Sand waves near the shelf break of the northern South China Sea: morphology and recent mobility
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Sand waves near the shelf break in the northern South China Sea have not previously been described in detail due to the lack of high-resolution bathymetric data. Their occurrence, however, is important for understanding sand transport and dispersal in the northern South China Sea. Here, using recent bathymetric data, side-scan image, bottom current measurements, and sediment samples collected in 2010 and 2016, we document the distribution, geometry, and mobility of sand waves in five regions along the shelf break of the northern South China Sea. Results show that the sand waves have distinctly different distribution patterns, geometries, and migration behaviors above and below the 145 m isobath. Sand waves at depths greater than 145 m are larger and steeper, and mostly occur on slopes steeper than 0.5°. Their crest lines are aligned parallel to the isobaths and their migration direction is toward the southeast (seaward). In comparison, the sand waves on the gentler sloping seabed at water depths < 145 m migrate toward the northwest with crest lines mostly intersecting the depth contours. Neither the heights nor the wavelengths of the sand waves correlate with water depth, although the two classes of sand wave are restricted to distinct depth intervals. The observed bottom currents, which are characterized by strong velocity pulses, probably relate to internal solitary waves which have the capacity of moving the sediment in the sand wave fields. The height-wavelength relationships of the sand waves correspond to those of subaqueous dunes. The diverging migration directions of the sand waves are interpreted as reflecting the polarity conversion of the internal solitary waves in the northern South China Sea during their propagation onto the shelf. The volume changes of the sand waves from 2010 to 2016 indicate both sediment loss and sediment accretion in various areas, suggesting complex sediment dispersal patterns near the shelf break.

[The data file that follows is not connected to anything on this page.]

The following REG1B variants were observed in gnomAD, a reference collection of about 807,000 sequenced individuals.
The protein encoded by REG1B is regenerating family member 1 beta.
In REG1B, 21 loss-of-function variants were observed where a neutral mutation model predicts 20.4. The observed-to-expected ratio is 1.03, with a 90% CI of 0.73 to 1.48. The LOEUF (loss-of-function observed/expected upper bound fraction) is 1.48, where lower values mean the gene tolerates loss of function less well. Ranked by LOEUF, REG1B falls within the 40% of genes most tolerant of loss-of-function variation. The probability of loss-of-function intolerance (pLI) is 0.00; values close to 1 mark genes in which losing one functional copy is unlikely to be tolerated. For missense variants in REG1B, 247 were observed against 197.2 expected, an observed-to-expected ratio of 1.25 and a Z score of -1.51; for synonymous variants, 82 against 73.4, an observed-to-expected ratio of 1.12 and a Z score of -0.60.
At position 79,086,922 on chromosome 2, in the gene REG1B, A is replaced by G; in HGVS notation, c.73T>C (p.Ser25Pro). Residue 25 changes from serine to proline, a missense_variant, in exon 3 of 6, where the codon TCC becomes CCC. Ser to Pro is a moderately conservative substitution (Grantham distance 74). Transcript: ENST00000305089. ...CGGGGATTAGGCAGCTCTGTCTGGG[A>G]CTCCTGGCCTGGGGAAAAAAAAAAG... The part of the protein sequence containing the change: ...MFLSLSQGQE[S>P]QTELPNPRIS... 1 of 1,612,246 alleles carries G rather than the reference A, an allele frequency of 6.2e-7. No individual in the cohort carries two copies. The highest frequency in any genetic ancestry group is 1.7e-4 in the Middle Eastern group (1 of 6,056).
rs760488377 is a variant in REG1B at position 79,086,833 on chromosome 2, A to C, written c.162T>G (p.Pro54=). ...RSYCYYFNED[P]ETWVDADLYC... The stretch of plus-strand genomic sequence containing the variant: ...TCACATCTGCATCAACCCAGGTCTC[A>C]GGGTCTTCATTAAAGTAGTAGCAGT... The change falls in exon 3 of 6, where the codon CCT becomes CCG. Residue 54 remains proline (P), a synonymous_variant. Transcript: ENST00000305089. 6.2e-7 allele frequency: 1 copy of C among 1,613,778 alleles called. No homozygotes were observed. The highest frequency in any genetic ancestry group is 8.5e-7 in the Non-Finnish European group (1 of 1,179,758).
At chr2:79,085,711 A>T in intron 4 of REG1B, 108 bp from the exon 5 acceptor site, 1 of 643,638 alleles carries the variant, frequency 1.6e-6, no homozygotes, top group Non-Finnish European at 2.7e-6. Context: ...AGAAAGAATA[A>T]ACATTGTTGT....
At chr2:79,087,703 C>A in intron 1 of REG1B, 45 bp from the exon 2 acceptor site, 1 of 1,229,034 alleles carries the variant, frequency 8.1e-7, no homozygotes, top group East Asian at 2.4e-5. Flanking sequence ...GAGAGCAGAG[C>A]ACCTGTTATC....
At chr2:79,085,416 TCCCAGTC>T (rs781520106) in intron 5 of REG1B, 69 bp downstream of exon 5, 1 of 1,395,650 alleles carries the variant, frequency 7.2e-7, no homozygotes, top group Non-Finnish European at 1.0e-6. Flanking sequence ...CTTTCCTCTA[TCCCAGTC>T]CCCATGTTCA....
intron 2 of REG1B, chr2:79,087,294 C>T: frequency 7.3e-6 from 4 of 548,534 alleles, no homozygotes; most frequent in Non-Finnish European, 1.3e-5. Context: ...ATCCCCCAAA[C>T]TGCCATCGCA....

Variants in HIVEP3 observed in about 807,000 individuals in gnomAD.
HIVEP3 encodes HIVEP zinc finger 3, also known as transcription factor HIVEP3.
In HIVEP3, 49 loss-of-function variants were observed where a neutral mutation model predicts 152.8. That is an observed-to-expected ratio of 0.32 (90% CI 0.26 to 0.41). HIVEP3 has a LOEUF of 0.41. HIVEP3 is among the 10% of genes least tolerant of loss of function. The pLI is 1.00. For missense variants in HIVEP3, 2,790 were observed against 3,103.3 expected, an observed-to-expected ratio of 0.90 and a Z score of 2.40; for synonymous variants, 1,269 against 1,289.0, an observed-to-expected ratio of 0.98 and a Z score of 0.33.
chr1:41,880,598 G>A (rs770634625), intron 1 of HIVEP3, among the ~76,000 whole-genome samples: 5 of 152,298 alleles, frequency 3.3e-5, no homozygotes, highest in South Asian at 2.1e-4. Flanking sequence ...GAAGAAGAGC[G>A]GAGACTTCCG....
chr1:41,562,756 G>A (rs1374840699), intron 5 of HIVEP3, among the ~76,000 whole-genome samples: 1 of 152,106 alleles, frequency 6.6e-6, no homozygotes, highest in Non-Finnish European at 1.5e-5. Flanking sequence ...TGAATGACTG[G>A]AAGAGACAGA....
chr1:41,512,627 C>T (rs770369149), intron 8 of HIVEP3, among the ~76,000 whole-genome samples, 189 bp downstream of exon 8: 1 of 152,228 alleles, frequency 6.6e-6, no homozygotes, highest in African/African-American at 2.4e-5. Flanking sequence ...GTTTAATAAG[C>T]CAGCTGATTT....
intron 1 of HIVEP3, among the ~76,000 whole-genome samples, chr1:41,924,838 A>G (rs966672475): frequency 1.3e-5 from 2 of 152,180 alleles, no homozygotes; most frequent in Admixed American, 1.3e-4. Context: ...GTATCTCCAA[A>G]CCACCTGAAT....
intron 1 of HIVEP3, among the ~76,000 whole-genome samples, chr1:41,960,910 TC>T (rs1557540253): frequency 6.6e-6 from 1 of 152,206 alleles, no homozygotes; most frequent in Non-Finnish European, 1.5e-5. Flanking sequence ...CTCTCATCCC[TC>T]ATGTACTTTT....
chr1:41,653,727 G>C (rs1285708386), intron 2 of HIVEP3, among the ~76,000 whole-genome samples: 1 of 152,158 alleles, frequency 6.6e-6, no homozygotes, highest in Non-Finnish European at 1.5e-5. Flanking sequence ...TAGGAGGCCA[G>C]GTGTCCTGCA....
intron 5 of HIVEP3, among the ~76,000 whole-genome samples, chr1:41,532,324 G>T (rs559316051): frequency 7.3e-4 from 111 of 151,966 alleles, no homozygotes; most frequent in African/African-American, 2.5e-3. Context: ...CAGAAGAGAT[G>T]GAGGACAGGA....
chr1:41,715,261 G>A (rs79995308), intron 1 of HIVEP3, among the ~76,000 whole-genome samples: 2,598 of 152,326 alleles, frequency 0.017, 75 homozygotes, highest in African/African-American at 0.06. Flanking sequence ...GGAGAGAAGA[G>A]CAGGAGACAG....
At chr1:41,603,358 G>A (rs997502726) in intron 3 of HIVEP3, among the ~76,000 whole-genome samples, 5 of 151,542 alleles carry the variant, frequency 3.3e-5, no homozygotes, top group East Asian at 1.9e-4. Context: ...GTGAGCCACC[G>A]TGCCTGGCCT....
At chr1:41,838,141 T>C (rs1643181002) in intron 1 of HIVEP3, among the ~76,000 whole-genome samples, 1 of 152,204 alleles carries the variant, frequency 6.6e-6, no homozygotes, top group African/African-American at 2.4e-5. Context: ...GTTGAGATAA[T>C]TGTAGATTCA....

We are grateful to Z. Luan, C. Chen, X. Liu, and Y. Song of the Institute of Oceanology, Chinese Academy of Sciences on raw data collecting and processing. The crews on board during surveys are also thanked.
We would like to thank the editor Andrew Green and the anonymous associated editor and reviewers for their insightful comments to improve the manuscript.
This study was funded by the National Natural Science Foundation of China (41576056, 41876035 and 41406061).
Compliance with ethical standards
Conflict of interest
The authors declare that they have no conflict of interest.
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